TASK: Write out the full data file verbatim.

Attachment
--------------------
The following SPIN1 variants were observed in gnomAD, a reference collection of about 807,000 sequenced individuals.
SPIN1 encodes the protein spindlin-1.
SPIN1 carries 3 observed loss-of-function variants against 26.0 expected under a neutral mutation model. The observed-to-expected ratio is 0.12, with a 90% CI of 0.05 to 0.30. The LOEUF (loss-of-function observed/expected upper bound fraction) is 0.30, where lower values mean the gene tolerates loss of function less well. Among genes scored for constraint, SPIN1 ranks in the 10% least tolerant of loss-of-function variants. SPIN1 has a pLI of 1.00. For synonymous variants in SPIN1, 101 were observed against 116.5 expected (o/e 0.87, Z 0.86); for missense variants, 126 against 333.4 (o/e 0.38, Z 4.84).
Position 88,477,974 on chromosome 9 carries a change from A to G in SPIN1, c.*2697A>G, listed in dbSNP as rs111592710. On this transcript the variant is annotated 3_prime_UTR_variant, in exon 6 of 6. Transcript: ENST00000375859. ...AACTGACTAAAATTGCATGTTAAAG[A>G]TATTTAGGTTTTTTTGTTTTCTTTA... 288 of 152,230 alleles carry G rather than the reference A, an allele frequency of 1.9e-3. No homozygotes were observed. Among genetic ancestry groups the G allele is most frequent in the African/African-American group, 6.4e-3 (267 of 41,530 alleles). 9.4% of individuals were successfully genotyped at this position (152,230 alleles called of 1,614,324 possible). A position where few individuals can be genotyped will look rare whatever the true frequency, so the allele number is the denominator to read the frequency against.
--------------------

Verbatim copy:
The following SPIN1 variants were observed in gnomAD, a reference collection of about 807,000 sequenced individuals.
SPIN1 encodes the protein spindlin-1.
SPIN1 carries 3 observed loss-of-function variants against 26.0 expected under a neutral mutation model. The observed-to-expected ratio is 0.12, with a 90% CI of 0.05 to 0.30. The LOEUF (loss-of-function observed/expected upper bound fraction) is 0.30, where lower values mean the gene tolerates loss of function less well. Among genes scored for constraint, SPIN1 ranks in the 10% least tolerant of loss-of-function variants. SPIN1 has a pLI of 1.00. For synonymous variants in SPIN1, 101 were observed against 116.5 expected (o/e 0.87, Z 0.86); for missense variants, 126 against 333.4 (o/e 0.38, Z 4.84).
Position 88,477,974 on chromosome 9 carries a change from A to G in SPIN1, c.*2697A>G, listed in dbSNP as rs111592710. On this transcript the variant is annotated 3_prime_UTR_variant, in exon 6 of 6. Transcript: ENST00000375859. ...AACTGACTAAAATTGCATGTTAAAG[A>G]TATTTAGGTTTTTTTGTTTTCTTTA... 288 of 152,230 alleles carry G rather than the reference A, an allele frequency of 1.9e-3. No homozygotes were observed. Among genetic ancestry groups the G allele is most frequent in the African/African-American group, 6.4e-3 (267 of 41,530 alleles). 9.4% of individuals were successfully genotyped at this position (152,230 alleles called of 1,614,324 possible). A position where few individuals can be genotyped will look rare whatever the true frequency, so the allele number is the denominator to read the frequency against.